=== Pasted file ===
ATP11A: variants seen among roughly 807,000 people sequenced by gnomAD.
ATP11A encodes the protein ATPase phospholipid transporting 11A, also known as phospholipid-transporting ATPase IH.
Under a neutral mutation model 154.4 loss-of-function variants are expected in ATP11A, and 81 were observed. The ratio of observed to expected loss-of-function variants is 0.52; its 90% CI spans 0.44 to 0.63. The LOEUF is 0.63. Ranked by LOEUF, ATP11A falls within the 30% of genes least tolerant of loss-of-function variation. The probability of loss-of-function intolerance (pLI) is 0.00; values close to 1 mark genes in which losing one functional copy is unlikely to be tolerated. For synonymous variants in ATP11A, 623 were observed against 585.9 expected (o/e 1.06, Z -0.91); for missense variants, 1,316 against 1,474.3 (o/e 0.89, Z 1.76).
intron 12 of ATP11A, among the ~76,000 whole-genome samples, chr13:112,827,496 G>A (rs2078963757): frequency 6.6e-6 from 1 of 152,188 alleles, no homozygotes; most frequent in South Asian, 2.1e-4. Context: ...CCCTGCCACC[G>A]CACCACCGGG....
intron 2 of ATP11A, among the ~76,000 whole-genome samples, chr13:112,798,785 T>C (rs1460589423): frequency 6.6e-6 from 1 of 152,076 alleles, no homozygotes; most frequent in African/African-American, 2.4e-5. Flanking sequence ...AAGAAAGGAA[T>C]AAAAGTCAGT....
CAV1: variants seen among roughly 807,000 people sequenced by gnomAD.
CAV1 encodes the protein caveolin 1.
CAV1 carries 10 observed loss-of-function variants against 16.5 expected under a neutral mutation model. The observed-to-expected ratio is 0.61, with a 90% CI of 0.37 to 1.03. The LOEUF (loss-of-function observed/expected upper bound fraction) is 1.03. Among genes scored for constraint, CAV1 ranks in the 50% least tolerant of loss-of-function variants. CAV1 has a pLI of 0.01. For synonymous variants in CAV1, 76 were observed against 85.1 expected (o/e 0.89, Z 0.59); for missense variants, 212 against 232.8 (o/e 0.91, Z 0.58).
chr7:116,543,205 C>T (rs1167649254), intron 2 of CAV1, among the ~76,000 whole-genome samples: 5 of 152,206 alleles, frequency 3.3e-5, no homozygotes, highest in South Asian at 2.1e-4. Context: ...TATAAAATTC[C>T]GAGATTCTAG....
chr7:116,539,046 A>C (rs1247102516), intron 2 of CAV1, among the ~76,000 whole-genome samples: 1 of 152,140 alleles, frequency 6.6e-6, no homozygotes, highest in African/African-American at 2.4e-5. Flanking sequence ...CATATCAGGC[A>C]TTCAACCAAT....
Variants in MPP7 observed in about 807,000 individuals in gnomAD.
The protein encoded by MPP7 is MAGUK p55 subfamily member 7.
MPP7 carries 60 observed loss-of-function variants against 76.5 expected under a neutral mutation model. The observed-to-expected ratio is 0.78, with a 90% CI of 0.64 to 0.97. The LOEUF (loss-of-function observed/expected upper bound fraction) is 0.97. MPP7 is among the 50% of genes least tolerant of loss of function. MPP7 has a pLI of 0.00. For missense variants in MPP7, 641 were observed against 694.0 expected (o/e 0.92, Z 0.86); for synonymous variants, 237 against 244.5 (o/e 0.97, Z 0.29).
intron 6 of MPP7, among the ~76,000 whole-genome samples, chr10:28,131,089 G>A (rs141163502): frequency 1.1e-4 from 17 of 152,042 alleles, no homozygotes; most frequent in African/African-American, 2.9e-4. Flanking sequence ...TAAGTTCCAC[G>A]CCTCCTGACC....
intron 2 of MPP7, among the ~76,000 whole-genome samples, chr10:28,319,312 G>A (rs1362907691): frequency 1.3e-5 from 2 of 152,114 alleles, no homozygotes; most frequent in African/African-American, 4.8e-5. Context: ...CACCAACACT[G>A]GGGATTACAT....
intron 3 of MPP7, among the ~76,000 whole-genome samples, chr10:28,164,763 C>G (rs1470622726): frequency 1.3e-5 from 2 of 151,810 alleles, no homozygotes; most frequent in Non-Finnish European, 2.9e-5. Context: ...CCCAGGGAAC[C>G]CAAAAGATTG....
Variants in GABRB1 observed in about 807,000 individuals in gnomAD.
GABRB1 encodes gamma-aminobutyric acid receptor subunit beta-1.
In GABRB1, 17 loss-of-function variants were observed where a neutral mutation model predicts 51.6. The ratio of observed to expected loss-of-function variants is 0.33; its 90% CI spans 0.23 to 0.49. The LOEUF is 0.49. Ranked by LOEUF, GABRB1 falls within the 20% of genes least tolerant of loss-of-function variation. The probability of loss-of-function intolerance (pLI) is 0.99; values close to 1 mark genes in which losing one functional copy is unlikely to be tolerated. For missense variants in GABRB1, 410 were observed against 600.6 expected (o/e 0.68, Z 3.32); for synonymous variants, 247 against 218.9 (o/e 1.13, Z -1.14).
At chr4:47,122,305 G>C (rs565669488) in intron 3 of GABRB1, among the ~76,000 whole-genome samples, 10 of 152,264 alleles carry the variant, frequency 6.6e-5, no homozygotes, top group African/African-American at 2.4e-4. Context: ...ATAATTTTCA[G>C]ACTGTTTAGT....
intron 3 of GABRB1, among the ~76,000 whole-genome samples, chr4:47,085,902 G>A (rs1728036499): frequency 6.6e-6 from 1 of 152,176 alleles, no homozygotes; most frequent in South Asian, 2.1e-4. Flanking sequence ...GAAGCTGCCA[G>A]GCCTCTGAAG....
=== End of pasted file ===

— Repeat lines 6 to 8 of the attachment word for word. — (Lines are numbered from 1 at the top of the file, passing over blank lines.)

CAV1: variants seen among roughly 807,000 people sequenced by gnomAD.
CAV1 encodes the protein caveolin 1.
CAV1 carries 10 observed loss-of-function variants against 16.5 expected under a neutral mutation model. The observed-to-expected ratio is 0.61, with a 90% CI of 0.37 to 1.03. The LOEUF (loss-of-function observed/expected upper bound fraction) is 1.03. Among genes scored for constraint, CAV1 ranks in the 50% least tolerant of loss-of-function variants. CAV1 has a pLI of 0.01. For synonymous variants in CAV1, 76 were observed against 85.1 expected (o/e 0.89, Z 0.59); for missense variants, 212 against 232.8 (o/e 0.91, Z 0.58).